No writing home

Most of the crews of Bomber Command fought an unending battle with fear during their tours. Here, three pilots recall the fractured life between warm, summer afternoons spent playing cricket and the nightly hell over Germany:

“I was not troubled in my conscience because we were fighting a very ruthless enemy. We all knew this. Our families were home behind us and we were rather like a crusader with his sword in front of them. My thoughts at the time were that I have a family, and a bigger family – the public – and I was going to do my damnedest to stop the Germans coming across.”

Wing Commander,
Rod Rodley DSO DFC AE, Bomber Command website

‘It was a Jekyll and Hyde existence really, and it was funny to just ride around your bike among the fields, and think, well, it’s not many hours since we were in another, completely different world. And probably thinking maybe just once or twice about friends who hadn’t come back. It was a schizophrenic life really. You had to have two caps, one to enjoy yourself and one to get serious.’
Roy MacDonald (as quoted on BBC History site)

‘When the flight crews arrived in the Mess you got an idea from their general behaviour and attitude how long they would last. We would bet among ourselves – “Oh, he’ll make it” or “He won’t make it”. Sitting in a corner writing home was not the sort of thing the average chap did. There were too many things to do to worry about your mother. The young marrieds were the ones who suffered most. We just enjoyed ourselves in our free time. We loved flying. There were sadder times, if a crew didn’t return. One night we lost three aeroplanes, 21 people. There was the ritual of moving their kit from the room. Not 24 hours later, or even less, a truck would come through the gates with the new crews to replace those lost. They would come into the Mess where those who had been on the Squadron for a month or two were considered old hands.

I don’t think we worried about it at the time. We had a job to do. Our role was flying aeroplanes to do whatever we could for the war effort. Of course, one never got to know people for any length of time. On the Squadron we knew that it was short-lived, that we would move on if we survived to the end of our tour. We sorted out our friends. The loners, the ones who sat writing letters home, these were the ones that didn’t seem to last. The ones who enjoyed life, who seemed a bit juvenile at times, survived. My best friend on the Squadron survived with me. There were others that I knew very well who were killed. That was Mess life. Squadron life. It was an odd feeling – I could look back and think I was very hard, that people were hard, but they weren’t really. It was a matter of accepting it. This is what happened in war.”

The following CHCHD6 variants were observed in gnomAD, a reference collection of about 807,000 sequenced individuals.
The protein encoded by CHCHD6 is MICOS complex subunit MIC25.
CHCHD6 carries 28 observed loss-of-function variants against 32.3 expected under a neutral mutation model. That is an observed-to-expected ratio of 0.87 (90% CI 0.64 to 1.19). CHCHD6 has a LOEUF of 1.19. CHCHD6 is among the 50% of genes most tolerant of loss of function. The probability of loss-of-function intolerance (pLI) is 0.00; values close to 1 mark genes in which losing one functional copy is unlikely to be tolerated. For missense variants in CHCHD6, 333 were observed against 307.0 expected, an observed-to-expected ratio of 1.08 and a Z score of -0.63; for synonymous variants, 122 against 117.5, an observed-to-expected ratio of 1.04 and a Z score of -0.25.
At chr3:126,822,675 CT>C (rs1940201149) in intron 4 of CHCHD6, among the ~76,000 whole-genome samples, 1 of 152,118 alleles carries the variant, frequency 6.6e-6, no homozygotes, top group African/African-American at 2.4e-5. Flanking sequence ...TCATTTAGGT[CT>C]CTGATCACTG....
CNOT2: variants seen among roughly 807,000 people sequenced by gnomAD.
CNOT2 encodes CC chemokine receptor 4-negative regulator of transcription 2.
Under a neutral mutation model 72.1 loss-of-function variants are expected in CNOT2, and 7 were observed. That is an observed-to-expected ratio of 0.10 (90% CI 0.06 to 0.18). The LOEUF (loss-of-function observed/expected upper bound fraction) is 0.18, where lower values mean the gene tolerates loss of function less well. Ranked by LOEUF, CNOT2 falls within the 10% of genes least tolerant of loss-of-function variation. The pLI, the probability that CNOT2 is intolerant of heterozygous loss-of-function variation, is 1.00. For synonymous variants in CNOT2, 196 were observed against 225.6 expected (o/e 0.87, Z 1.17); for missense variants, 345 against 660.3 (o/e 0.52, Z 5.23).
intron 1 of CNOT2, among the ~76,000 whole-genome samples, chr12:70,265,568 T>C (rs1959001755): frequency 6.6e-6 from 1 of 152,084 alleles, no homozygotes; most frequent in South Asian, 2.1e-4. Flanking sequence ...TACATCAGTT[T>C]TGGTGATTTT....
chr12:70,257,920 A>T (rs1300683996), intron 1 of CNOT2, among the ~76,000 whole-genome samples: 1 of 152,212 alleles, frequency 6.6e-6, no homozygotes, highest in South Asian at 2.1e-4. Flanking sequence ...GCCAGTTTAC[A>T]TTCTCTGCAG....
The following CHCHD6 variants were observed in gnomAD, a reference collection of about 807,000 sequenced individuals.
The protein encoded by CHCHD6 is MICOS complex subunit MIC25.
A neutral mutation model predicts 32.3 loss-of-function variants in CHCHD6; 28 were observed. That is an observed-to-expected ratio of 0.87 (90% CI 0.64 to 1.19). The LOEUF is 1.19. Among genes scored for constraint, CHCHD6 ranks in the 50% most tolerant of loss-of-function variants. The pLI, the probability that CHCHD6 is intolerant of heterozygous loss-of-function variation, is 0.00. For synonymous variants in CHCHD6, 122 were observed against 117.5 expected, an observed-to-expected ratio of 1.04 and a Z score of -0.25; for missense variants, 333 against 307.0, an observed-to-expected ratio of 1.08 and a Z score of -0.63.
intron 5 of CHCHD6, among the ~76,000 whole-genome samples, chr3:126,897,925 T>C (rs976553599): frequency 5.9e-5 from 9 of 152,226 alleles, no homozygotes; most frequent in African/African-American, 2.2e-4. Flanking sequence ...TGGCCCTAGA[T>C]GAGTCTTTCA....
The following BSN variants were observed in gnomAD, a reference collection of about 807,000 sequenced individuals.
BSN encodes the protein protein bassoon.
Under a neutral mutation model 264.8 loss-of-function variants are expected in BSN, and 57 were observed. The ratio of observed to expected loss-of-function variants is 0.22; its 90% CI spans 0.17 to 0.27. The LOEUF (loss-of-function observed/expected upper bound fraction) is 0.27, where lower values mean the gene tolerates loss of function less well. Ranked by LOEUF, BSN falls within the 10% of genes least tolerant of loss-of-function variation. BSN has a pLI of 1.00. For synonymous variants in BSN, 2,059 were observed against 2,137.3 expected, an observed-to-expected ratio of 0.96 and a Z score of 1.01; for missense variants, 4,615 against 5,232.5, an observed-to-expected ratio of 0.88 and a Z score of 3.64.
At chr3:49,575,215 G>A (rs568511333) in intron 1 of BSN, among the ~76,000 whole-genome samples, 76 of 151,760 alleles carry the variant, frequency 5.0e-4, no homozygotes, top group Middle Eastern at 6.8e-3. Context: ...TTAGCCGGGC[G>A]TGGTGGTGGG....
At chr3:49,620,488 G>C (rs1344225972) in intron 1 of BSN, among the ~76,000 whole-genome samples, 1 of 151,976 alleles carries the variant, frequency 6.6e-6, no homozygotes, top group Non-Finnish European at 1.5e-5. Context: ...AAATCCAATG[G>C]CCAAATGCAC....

Maurice Chick,
Bomber Command Pathfinder pilot

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One response to “No writing home

  • Amy Scott

    I think it striking that in Chick’s opinion a sense of childish fun helped the men survive. When he says that the loners writing letters to their mothers didn’t make it I can only think that I would have been one of those poor fellows! When he says those fellows didn’t seem to “last” does he mean that they were more likely to be killed? Is youthful bravado really that helpful when one is in the air? Does it mean the difference between life and death? From Chick’s description, it sounds like being a pilot/bomber etc was rather like being at a summer camp from hell. I can still remember sobbing into Snuffles each night at that dreadful camp I went to in Grade Six.

    And yet, as these men observe, they felt they were protecting not just their families, but their entire country. That sense that the safety of the nation (of the Western world) hung in the balance, must have been a great motivator. You can miss your Mother dearly while away at camp, but perhaps it is easier when you understand that your presence there is actually helping protect her, and all other mothers.

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